Book Cover For 'In A Different Key'
Crown Publishers

Note: This program is a rebroadcast.  

The term "autism" dates back to the 1930s when a pediatrician named Hans Asperger coined it to describe young boys he was treating who had high intelligence but limited social skills.

The new book, "In A Different Key: The Story of Autism" (Crown/2016) looks at the term and documents how scientific and popular understanding of the disorder have shifted and evolved tremendously in the past century.

A picture of the Vidant Health clinic in Belhaven.
Courtesy of Vidant Health

Vidant Health has opened a 24-hour urgent care clinic in Belhaven. It offers minor emergency and pre-natal care, a full lab, X-rays and a general family practice.

The cover of the 2016 Kids Count Data Book
The cover of the 2016 Kids Count Data Book

Health and education indicators are improving among North Carolina children despite spotty economic recovery, according to an annual report from the Annie E. Casey Foundation.

The 2016 Kids Count Data Book ranks North Carolina 34th in the country for overall wellbeing, which is up one spot from the year before.

A picture of chickens.
woodley wonderworks / Wikipedia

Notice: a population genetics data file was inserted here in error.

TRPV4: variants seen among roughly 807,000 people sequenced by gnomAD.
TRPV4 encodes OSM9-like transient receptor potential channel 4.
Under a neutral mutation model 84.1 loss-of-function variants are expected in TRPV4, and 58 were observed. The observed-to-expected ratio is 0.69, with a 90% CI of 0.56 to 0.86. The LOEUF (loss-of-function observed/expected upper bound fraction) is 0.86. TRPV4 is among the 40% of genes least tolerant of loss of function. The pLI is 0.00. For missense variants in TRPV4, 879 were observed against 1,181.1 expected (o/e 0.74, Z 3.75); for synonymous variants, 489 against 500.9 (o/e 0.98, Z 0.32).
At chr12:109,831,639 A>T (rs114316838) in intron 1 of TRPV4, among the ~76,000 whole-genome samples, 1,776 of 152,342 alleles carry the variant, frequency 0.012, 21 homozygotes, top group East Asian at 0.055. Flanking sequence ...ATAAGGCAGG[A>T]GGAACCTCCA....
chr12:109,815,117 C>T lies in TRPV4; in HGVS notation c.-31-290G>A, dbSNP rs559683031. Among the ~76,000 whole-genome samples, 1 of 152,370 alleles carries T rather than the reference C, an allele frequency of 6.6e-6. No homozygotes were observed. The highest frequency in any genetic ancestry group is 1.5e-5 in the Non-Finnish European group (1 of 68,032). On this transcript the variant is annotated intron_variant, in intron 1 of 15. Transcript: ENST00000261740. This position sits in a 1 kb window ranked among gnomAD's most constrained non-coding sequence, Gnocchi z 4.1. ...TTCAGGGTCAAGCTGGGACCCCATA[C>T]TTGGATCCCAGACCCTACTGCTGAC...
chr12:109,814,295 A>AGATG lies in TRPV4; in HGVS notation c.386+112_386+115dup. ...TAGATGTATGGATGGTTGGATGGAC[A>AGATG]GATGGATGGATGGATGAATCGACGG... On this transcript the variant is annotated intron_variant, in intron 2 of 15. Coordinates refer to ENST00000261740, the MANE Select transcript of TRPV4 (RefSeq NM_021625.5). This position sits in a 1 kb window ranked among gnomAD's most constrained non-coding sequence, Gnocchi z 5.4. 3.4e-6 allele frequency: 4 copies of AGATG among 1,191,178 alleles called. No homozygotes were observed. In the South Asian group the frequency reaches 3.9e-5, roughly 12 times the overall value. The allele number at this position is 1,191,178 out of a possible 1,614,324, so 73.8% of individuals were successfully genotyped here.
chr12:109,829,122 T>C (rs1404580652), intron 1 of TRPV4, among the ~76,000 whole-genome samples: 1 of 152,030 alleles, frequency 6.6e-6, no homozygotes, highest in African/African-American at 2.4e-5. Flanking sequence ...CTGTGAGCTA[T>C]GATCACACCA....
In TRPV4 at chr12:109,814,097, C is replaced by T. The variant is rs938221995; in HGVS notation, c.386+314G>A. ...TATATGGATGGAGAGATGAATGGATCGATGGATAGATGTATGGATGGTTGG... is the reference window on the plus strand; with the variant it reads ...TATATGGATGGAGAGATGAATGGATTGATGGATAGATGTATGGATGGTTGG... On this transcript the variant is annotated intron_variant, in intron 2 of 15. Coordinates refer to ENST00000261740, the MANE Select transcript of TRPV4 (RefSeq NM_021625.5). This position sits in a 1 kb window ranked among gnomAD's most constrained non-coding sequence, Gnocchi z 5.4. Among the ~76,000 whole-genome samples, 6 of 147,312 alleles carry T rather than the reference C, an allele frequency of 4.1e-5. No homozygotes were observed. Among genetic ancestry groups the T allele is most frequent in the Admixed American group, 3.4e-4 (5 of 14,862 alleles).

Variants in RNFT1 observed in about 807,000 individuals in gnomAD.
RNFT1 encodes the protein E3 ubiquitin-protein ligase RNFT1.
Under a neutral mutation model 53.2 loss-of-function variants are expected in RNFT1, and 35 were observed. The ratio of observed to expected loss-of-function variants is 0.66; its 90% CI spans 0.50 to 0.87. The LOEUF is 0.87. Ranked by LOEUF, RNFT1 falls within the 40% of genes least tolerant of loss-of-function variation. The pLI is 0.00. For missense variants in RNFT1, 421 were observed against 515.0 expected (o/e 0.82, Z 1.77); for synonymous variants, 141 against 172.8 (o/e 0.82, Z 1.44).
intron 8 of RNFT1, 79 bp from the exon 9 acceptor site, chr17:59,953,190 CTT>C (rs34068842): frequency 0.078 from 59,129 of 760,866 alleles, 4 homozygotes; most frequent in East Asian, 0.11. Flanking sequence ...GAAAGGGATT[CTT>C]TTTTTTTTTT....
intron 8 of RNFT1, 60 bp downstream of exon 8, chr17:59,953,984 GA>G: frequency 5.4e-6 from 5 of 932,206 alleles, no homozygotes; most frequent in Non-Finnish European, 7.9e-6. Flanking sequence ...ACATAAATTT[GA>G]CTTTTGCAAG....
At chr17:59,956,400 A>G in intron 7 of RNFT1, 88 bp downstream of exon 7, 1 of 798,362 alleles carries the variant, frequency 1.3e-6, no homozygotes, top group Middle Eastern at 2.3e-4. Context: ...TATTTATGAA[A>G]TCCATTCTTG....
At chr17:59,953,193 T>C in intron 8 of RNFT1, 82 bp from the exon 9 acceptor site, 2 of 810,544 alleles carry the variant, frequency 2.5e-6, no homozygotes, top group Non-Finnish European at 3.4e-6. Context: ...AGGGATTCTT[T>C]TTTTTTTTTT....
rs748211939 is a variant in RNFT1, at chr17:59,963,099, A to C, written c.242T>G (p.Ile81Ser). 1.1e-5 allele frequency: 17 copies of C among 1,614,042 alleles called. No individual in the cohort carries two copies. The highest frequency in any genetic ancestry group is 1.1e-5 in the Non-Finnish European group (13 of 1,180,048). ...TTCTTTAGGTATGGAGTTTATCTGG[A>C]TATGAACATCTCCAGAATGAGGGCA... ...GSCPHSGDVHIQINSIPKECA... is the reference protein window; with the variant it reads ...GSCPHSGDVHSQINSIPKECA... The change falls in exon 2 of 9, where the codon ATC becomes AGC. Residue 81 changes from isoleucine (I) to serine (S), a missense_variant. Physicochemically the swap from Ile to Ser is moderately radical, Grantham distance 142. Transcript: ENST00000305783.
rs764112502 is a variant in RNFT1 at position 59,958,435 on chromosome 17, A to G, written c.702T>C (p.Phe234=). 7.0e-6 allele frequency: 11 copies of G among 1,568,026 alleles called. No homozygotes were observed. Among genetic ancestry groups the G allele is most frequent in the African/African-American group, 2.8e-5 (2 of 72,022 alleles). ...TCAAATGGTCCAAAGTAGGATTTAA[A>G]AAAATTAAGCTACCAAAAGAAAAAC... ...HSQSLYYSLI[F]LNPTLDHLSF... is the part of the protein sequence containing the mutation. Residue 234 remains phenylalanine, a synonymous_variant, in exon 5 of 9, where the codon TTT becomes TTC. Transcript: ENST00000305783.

The Centers for Disease Control is investigating a series of Salmonella outbreaks across 35 states that sickened more than 300 people since January, including 26 in North Carolina. Health officials say backyard poultry may be to blame. They’re warning chicken owners to wash their hands and avoid snuggling or kissing their birds.

photo of a stethoscope
Wesley Wilson / Pexels

When the Affordable Care Act went into effect, the federal government hoped visits to the Emergency Room - some of the most expensive treatments in the industry - would decrease.

Instead, ER visits are rising. Experts blame the spike on patients who have health insurance for the first time and have yet to visit a primary care physician.

A Duke University study found a link between poverty and smoking in adolescents.
Valentin Ottone via Flickr, Creative Commons

A national study shows most Americans support raising the minimum age to purchase tobacco from 18 to 21.

The survey was conducted by researchers at the University of North Carolina at Chapel Hill and East Carolina University.

photo of a unisex bathroom sign
Tombe / Wikipedia